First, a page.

Reported adverse events (AEs) were assessed for safety. AE of special interest was confirmed hypoglycemia event (plasma glucose ≤3.9 mmol/L and/or requiring assistance). Other AEs such as urinary tract infection (UTI), genital infection, and volume depletion and clinical laboratory values were assessed as change from baseline to week-76.
There was no estimation of sample size as any eligible patient was allowed to enter the extension phase. Hence, the formal calculations for sample size were not done. Changes from baseline in HbA1c, FPG, weight, SBP, and DBP at 76 were analyzed using an analysis of covariance (ANCOVA) model in the full analysis set (patients who received ≥1 dose of study drug and had a baseline HbA1c measurement in the initial study) with baseline HbA1c and the baseline value of the endpoint in question as linear covariates, and baseline eGFR (MDRD), region (Asia, etc.,) and treatment as fixed effects. Data after rescue therapy were set as missing and all missing data were imputed considering last observation carried forward (LOCF) approach. Percentage of patients achieving HbA1c <7% at week 76 was assessed with a logistic regression model. Treatment, baseline eGFR, region, and baseline HbA1c were parameters considered for logistic regression. Patients who did not complete 76-week were considered failures for this assessment.
Changes in HbA1c, FPG, weight, SBP, and DBP were analyzed with sensitivity analyses. Restricted maximum likelihood-based mixed model repeated measures approach considering baseline HbA1c and the baseline value of the endpoint in question as linear covariates, and baseline eGFR, region, treatment, visit, and visit by treatment interaction as fixed effects were used for the same. Rescue therapy use was assessed with logistic regression carried with treatment as a factor and baseline HbA1c as a covariate.
Safety was assessed in the patients who received ≥1 dose of study drug. Descriptive analyses were done except for lipid parameters (assessed using ANCOVA) considering linear covariates as baseline values and baseline HbA1c, and fixed effects as baseline eGFR and treatment.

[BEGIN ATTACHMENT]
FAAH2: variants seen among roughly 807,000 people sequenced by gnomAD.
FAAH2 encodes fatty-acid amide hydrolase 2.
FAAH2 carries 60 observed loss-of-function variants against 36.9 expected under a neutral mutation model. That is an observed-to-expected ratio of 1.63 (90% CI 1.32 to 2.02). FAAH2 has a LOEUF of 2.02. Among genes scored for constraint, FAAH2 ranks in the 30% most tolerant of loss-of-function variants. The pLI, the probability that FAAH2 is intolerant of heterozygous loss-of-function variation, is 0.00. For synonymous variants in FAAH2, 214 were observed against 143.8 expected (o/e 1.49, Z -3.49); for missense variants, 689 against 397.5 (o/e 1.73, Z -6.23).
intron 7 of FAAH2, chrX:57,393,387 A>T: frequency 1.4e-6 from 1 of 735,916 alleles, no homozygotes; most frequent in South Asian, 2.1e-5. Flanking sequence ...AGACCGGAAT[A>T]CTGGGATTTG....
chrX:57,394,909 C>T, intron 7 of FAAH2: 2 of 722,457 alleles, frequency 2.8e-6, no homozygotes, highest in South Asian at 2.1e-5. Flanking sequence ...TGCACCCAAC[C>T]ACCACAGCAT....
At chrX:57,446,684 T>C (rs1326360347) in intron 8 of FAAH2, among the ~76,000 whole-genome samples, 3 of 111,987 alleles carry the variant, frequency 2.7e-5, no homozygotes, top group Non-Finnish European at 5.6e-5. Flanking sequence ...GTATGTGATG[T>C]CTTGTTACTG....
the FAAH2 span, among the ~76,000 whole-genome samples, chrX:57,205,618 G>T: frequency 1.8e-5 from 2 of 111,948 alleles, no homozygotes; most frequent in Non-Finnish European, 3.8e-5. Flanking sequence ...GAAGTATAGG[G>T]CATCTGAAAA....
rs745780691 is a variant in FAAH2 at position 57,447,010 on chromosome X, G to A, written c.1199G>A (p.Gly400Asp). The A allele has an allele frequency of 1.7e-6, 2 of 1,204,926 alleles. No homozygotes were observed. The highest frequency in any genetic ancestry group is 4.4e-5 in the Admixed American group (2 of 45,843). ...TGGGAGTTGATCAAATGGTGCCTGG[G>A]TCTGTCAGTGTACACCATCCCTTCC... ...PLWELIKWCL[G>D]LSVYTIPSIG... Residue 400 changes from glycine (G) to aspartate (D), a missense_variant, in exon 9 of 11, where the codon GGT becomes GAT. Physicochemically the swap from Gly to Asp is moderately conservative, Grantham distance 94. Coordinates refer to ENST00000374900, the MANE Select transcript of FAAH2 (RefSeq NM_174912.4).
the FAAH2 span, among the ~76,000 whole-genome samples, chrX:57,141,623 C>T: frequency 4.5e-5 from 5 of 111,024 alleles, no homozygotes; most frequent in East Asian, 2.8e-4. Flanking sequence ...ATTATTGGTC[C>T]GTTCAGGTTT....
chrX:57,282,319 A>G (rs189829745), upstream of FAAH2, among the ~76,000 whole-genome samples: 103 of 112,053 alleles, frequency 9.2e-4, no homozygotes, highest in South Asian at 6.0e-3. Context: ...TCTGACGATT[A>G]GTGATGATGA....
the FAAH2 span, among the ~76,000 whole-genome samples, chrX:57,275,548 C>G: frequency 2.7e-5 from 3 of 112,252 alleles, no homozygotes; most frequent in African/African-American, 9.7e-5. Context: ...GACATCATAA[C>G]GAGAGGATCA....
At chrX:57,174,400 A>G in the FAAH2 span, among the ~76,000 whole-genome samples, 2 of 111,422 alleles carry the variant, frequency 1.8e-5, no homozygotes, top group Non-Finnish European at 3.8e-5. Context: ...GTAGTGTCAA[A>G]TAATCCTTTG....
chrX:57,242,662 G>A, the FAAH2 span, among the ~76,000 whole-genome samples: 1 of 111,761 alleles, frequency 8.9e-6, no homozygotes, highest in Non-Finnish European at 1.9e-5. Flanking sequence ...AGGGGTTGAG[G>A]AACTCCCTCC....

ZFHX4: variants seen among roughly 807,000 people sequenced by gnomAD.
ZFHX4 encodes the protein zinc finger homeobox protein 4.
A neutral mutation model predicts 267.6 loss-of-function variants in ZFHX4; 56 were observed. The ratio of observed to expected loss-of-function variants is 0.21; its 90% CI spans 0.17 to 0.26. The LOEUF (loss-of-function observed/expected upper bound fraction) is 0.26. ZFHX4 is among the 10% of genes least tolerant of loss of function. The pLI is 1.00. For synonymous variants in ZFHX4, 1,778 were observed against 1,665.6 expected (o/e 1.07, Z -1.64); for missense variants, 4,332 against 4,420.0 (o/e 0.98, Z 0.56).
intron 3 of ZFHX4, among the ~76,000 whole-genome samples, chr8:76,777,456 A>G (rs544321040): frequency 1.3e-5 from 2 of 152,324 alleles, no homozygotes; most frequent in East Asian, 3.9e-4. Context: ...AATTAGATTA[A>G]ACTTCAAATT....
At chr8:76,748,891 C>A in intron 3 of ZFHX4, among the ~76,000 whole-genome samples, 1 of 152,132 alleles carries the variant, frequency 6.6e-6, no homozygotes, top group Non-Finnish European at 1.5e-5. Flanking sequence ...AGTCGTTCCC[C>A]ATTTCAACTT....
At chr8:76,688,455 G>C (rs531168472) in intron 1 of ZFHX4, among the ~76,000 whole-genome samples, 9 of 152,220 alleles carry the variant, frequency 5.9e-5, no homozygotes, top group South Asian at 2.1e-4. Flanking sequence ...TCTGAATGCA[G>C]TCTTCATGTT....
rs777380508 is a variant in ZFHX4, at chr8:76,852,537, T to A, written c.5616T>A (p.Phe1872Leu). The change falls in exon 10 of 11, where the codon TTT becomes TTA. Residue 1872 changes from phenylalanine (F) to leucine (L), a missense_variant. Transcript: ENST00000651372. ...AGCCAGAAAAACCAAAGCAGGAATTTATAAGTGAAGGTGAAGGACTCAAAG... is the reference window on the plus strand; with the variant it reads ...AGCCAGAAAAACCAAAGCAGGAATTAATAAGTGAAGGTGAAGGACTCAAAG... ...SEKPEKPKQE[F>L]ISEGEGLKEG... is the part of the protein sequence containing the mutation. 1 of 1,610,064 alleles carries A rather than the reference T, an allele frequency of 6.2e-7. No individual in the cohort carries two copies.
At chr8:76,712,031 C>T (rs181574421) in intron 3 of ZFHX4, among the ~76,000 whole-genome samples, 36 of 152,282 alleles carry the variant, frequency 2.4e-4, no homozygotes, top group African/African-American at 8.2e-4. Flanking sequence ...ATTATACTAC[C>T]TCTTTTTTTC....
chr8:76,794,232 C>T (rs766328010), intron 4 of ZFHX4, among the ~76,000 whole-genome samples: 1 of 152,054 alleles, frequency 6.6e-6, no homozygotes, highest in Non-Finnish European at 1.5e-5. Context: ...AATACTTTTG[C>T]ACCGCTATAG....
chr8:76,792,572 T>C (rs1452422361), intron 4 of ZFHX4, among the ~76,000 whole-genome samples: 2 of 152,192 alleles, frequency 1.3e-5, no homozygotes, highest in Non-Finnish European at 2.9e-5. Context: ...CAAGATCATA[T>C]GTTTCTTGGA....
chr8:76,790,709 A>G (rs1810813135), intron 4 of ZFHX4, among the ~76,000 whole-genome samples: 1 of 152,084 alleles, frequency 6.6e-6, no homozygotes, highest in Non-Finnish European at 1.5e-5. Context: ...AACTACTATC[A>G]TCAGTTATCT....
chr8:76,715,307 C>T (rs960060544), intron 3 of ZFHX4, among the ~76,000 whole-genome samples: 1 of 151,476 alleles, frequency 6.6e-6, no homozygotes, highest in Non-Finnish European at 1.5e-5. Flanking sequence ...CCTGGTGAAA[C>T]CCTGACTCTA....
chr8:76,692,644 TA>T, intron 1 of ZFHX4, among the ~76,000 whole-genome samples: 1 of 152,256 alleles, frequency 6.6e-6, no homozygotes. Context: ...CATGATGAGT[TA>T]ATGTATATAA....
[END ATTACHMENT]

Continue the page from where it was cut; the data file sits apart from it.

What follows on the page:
| Results|| |
From India, 108 patients in total were randomized. Baseline population characteristics have been summarized in [Table 1]. Compared to placebo, adjusted mean reduction in HbA1c was significant for both empagliflozin 10 mg (−0.81, 95% confidence interval [CI] −1.33, −0.28; P = 0.0029) and 25 mg (−1.11, 95% CI − 1.60, −0.61; P < 0.0001) and for sitagliptin 100 mg (−0.81 95% CI − 1.34, −0.28; P = 0.0031) [Table 2]. No significant difference was observed adjusted mean reduction in HbA1c with empagliflozin as compared to sitagliptin. Although study was not powered to detect significant difference in efficacy in comparison to sitagliptin, numerically higher reduction in HbA1c was achieved with empagliflozin 25 mg as compared to sitagliptin. Among patients with baseline HbA1c ≥7%, significantly higher number of patients achieved HbA1c <7% with empagliflozin 10 mg (20.8%, odds ratio [OR] >99.99, 95% CI > 99.99, >99.99; P < 0.0001) and 25 mg (28.0%, OR > 99.99, 95% CI > 99.99, >99.99; P < 0.0001) as compared to placebo. However, compared to sitagliptin (7.4%), no significant difference was found either with empagliflozin 10 mg (OR 2.77, 95% CI 0.43, 17.61; P = 0.279) or empagliflozin 20 mg (OR 3.83, 95% CI 0.65, 22.37; P = 0.136) [Figure 1].
|Figure 1: Percentage of patients achieving glycosylated hemoglobin below 7% at week 76|
Click here to view
As compared to placebo, adjusted mean FPG (mg/dL) reduction was significant for empagliflozin 10 mg (−35.7, 95% CI − 50.7, −20.6; P < 0.0001) and 25 mg (−32.9, 95% CI − 47.1, −18.6; P < 0.0001) but was nonsignificant for sitagliptin 100 mg (−14.7, 95% CI − 30.0, 0.5; P = 0.0578). When compared to sitagliptin, a significant reduction in FPG was observed for treatment with empagliflozin 10 mg (P = 0.0076) as well as 25 mg (P = 0.0147) [Table 2].
Compared to placebo, patients in empagliflozin 10 mg (−1.41, 95% CI − 2.51, −0.31; P = 0.0125) and 25 mg arms (−1.50, 95% CI − 2.54, −0.46; P = 0.0051) experienced significant reduction in adjusted mean weight but was nonsignificant with sitagliptin 100 mg (−0.75 95% CI − 1.86, −0.36; P = 0.1842). Compared to sitagliptin 100 mg, reduction in body weight was numerically higher for empagliflozin 10 mg and 25 mg [Table 3]. Adjusted average reduction in SBP and DBP was 3.3 mmHg and 1.0 mmHg for 10 mg, and 3.8 mmHg and 1.6 mmHg for 25 mg of empagliflozin, respectively, but the systolic and diastolic reduction did not reach statistical significance for both groups as compared to placebo [Table 3]. On logistic regression analysis, requirement of rescue therapy during 76-week treatment was found to be significantly lower with empagliflozin 10 mg (OR 0.112, 95% CI 0.020, 0.611; P = 0.0115) and 25 mg (OR 0.148, 95% CI 0.034, 0.652; P = 0.0115) as compared to placebo. There were no significant differences in either empagliflozin 10 mg (OR 0.27, 95% CI 0.04, 1.51; P = 0.137) and 25 mg (OR 0.35, 95% CI 0.08, 1.60; P = 0.179) when compared to sitagliptin [Figure 2].